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Should the Electoral College be abolished? Show more Show less

The Electoral College is a body of electors established by the United States Constitution every four years to elect the President and Vice-President of the United States. It has increasingly become a source of controversy; in both the 2000 and 2016 presidential election the winner of the popular vote did not win the Electoral College. Why do we have the Electoral College? What are the pros and cons of the Electoral College? And should it be abolished?

Yes, we should abolish the Electoral College Show more Show less

The Electoral College is no longer fit for purpose and does not produce an accurate picture of the American people.
(1 of 2 Positions) Next >

The Electoral College doesn't reflect the popular vote

The Electoral College fails to do what elections are fundamentally meant to do - to reflect what citizens want.
(1 of 3 Arguments) Next >

Context

The Argument

The Electoral College does not reflect the popular will of voters under a normal democratic election. Instead, electors are appointed by individual states to cast votes on the electorates behalf. This indirect process does not always lead to the winner of the popular vote also winning the electoral college. This creates an inbuilt democratic deficit, where voters may end up with a president who does not command a majority of popular support yet still assumes all the powers of the office.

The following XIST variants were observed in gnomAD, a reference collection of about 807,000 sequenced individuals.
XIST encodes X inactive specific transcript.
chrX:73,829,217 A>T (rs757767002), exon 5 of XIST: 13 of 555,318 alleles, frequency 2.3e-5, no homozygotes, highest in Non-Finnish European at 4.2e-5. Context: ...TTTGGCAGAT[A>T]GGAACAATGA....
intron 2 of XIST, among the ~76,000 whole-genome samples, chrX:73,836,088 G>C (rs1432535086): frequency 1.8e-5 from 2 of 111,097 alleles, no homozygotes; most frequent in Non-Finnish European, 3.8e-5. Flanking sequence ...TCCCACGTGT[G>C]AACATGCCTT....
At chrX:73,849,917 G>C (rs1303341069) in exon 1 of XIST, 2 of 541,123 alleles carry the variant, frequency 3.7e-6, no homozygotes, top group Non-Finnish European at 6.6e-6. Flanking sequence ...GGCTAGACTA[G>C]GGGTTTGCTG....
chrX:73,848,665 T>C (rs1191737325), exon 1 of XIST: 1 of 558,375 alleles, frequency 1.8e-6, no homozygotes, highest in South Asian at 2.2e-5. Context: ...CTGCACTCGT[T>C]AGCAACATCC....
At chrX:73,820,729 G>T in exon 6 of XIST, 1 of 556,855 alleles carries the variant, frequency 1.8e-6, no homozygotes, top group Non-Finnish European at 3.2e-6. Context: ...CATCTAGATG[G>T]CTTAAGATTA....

Counter arguments

Rising levels of polarisation amongst voters and political deadlock in the United States Congress makes it increasingly difficult to get rid of the Electoral College, particularly as both of the major parties have self-interest in its maintenance. To reform or get rid of the Electoral College would require a constitutional amendment with two-thirds majority in both houses of Congress and three quarters of states ratifying it, which has only happened twenty seven times since the United States was founded over two hundred years ago. There is currently not a majority in favour of abolishing the Electoral College. Therefore the time could be better used to address more pressing issues.

Framing

Premises

[P1] The result of the Electoral College does not always reflect the result of the popular vote. [P2] Therefore, it is not fit for purpose and should be abolished.

Rejecting the premises

[Rejecting P2] The abolition of the Electoral College does not have the level of support this would require.

Proponents

Further Reading

References

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    This page was last edited on Monday, 9 Mar 2020 at 12:42 UTC